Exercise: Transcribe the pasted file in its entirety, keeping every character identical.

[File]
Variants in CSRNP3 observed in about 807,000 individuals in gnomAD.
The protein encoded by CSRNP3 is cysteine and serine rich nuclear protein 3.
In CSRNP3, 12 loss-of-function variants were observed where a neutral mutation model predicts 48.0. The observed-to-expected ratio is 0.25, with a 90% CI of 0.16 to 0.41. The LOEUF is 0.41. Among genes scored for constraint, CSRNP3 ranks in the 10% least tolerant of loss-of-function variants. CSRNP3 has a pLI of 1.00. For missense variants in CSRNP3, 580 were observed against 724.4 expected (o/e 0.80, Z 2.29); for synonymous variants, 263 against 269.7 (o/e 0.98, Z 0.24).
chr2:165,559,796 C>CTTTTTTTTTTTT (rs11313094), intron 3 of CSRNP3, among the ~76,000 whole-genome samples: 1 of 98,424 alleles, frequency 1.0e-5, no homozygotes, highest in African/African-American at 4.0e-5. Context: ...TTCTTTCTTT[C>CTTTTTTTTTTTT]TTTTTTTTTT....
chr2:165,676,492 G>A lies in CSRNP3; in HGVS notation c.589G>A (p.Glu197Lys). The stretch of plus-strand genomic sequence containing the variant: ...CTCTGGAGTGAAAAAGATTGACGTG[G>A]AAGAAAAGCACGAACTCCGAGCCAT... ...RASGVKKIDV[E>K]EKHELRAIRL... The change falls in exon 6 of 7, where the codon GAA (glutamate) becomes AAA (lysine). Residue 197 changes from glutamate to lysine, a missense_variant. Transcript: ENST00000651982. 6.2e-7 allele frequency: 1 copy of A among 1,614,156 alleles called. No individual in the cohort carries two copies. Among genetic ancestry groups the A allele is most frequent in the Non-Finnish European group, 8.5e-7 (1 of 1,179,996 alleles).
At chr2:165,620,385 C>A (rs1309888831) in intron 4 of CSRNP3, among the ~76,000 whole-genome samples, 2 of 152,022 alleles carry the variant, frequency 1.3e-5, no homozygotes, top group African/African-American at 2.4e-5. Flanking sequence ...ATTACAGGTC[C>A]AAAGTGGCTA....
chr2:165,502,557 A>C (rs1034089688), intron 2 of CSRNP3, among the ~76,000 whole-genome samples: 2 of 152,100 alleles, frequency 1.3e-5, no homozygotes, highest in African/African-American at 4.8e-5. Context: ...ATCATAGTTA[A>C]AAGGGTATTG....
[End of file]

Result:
Variants in CSRNP3 observed in about 807,000 individuals in gnomAD.
The protein encoded by CSRNP3 is cysteine and serine rich nuclear protein 3.
In CSRNP3, 12 loss-of-function variants were observed where a neutral mutation model predicts 48.0. The observed-to-expected ratio is 0.25, with a 90% CI of 0.16 to 0.41. The LOEUF is 0.41. Among genes scored for constraint, CSRNP3 ranks in the 10% least tolerant of loss-of-function variants. CSRNP3 has a pLI of 1.00. For missense variants in CSRNP3, 580 were observed against 724.4 expected (o/e 0.80, Z 2.29); for synonymous variants, 263 against 269.7 (o/e 0.98, Z 0.24).
chr2:165,559,796 C>CTTTTTTTTTTTT (rs11313094), intron 3 of CSRNP3, among the ~76,000 whole-genome samples: 1 of 98,424 alleles, frequency 1.0e-5, no homozygotes, highest in African/African-American at 4.0e-5. Context: ...TTCTTTCTTT[C>CTTTTTTTTTTTT]TTTTTTTTTT....
chr2:165,676,492 G>A lies in CSRNP3; in HGVS notation c.589G>A (p.Glu197Lys). The stretch of plus-strand genomic sequence containing the variant: ...CTCTGGAGTGAAAAAGATTGACGTG[G>A]AAGAAAAGCACGAACTCCGAGCCAT... ...RASGVKKIDV[E>K]EKHELRAIRL... The change falls in exon 6 of 7, where the codon GAA (glutamate) becomes AAA (lysine). Residue 197 changes from glutamate to lysine, a missense_variant. Transcript: ENST00000651982. 6.2e-7 allele frequency: 1 copy of A among 1,614,156 alleles called. No individual in the cohort carries two copies. Among genetic ancestry groups the A allele is most frequent in the Non-Finnish European group, 8.5e-7 (1 of 1,179,996 alleles).
At chr2:165,620,385 C>A (rs1309888831) in intron 4 of CSRNP3, among the ~76,000 whole-genome samples, 2 of 152,022 alleles carry the variant, frequency 1.3e-5, no homozygotes, top group African/African-American at 2.4e-5. Flanking sequence ...ATTACAGGTC[C>A]AAAGTGGCTA....
chr2:165,502,557 A>C (rs1034089688), intron 2 of CSRNP3, among the ~76,000 whole-genome samples: 2 of 152,100 alleles, frequency 1.3e-5, no homozygotes, highest in African/African-American at 4.8e-5. Context: ...ATCATAGTTA[A>C]AAGGGTATTG....